Voltaire
Francois Marie Arouet (pen name Voltaire) was born on November 21, 1694 in

Paris. Voltaire's style, wit, intelligence and keen sense of justice made him
one of France's greatest writers and philosophers. Young Francois Marie received
an excellent education at a Jesuit school. He left school at 16 and soon formed
friendships with a group of sophisticated Parisian aristocrats. Paris society
sought his company for his cleverness, humor and remarkable ability to write
verse. In 1717 he was arrested for writing a series of satirical verses
ridiculing the French government, and was imprisoned in the Bastille. During his
eleven months in prison he wrote his first major play, "Oedipe," which
achieved great success in 1718. He adopted his pen name "Voltaire" the
same year. In 1726 Voltaire insulted a powerful young nobleman and was given two
options: imprisonment or exile. He chose exile and from 1726 to 1729 lived in

England. While in England Voltaire was attracted to the philosophy of John Locke
and ideas of the great scientist Sir Isaac Newton. After his return to Paris he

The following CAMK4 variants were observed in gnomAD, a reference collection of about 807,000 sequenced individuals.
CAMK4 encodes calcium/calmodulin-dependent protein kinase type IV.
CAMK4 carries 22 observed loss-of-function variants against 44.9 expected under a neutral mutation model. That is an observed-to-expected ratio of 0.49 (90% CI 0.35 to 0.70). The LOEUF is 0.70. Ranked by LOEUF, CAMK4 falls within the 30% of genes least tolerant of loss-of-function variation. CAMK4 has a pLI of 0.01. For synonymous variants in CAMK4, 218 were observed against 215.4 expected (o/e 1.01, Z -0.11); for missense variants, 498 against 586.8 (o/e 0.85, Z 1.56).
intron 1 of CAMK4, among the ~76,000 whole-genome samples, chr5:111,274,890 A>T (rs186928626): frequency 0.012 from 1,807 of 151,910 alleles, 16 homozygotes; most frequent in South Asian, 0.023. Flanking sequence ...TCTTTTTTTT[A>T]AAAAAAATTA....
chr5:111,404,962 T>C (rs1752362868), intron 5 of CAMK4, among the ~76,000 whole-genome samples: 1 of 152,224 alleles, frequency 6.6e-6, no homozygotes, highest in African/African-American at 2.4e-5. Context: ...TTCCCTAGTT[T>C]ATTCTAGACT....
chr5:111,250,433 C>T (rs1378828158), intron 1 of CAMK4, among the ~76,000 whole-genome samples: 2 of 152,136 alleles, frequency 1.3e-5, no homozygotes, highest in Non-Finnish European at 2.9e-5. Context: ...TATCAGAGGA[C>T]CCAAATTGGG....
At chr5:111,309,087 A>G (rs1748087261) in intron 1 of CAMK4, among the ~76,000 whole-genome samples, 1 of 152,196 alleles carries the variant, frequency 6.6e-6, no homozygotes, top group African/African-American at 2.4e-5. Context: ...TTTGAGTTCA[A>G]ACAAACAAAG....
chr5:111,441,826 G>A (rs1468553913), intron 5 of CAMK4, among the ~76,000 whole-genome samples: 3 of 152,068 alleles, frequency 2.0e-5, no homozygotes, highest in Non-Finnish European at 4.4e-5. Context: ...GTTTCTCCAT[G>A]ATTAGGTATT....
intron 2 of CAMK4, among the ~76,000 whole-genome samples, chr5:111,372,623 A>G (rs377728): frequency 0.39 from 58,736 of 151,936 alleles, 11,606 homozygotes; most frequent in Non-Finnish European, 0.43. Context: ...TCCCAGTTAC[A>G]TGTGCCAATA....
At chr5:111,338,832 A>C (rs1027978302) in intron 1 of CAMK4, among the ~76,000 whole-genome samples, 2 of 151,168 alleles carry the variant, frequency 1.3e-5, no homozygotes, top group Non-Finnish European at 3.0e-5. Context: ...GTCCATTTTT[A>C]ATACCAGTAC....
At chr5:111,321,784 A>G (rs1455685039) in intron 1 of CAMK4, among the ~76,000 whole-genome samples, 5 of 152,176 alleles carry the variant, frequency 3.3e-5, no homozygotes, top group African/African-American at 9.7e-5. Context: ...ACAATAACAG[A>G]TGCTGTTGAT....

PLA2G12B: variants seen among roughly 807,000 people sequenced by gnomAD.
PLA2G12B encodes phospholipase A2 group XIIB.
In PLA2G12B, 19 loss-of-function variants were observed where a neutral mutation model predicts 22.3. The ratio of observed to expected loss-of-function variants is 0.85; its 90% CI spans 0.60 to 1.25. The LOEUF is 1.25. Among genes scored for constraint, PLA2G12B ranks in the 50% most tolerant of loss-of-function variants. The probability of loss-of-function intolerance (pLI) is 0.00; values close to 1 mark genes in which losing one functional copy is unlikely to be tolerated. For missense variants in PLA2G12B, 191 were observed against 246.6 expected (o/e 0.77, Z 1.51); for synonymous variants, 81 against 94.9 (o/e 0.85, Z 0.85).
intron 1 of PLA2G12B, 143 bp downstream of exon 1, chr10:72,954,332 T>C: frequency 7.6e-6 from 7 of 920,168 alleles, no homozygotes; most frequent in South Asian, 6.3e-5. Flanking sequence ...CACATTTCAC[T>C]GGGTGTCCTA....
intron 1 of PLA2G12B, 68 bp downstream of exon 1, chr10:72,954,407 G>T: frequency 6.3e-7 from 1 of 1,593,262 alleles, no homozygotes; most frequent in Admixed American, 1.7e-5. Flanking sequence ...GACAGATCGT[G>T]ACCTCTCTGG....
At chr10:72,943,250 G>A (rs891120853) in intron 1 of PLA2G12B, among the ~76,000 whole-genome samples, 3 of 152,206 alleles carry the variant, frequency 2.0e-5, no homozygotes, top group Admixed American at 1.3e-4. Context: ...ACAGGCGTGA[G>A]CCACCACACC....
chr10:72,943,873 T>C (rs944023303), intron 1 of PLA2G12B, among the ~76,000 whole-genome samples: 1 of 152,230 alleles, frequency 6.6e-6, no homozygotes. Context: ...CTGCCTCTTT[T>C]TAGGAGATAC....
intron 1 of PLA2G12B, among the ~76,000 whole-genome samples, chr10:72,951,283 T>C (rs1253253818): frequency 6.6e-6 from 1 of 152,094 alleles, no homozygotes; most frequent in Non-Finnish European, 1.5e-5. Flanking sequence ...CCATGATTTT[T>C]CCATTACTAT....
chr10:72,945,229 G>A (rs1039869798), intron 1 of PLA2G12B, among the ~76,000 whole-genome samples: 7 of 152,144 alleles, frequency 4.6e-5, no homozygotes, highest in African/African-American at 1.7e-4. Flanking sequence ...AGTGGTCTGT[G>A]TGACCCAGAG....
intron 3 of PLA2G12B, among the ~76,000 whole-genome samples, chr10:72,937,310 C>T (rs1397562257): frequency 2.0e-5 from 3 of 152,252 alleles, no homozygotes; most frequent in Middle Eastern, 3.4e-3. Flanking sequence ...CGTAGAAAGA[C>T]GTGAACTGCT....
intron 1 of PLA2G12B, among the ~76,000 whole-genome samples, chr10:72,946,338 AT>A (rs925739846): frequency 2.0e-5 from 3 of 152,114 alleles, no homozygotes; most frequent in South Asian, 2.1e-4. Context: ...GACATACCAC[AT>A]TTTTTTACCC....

wrote a book praising English customs and institutions. The book was thought to
criticize the French government and Voltaire was forced to flee Paris again. In

1759 Voltaire purchased an estate called "Ferney" near the

French-Swiss border where he lived until just before of his death. Ferney soon
became the intellectual capitol of Europe. Throughout his years in exile

Voltaire produced a constant flow of books, plays, pamphlets, and letters. He
was a voice of reason, and an outspoken critic of religious intolerance and
persecution. Voltaire returned to a hero's welcome in Paris at age 83. The
excitement of the trip was too much for him and he died in Paris. Because of his
criticism of the church Voltaire was denied burial in church ground. He was
finally buried at an abbey in Champagne. In 1791 his remains were moved to a
resting place at the Pantheon in Paris. Voltaire was famous during the
enlightenment for his satirical writings about major issues. He was loved by
supporters of the enlightenment, but he was hated by some who didnt see the
genius in his satires. He had a unique point of view on things that few could
see at that time.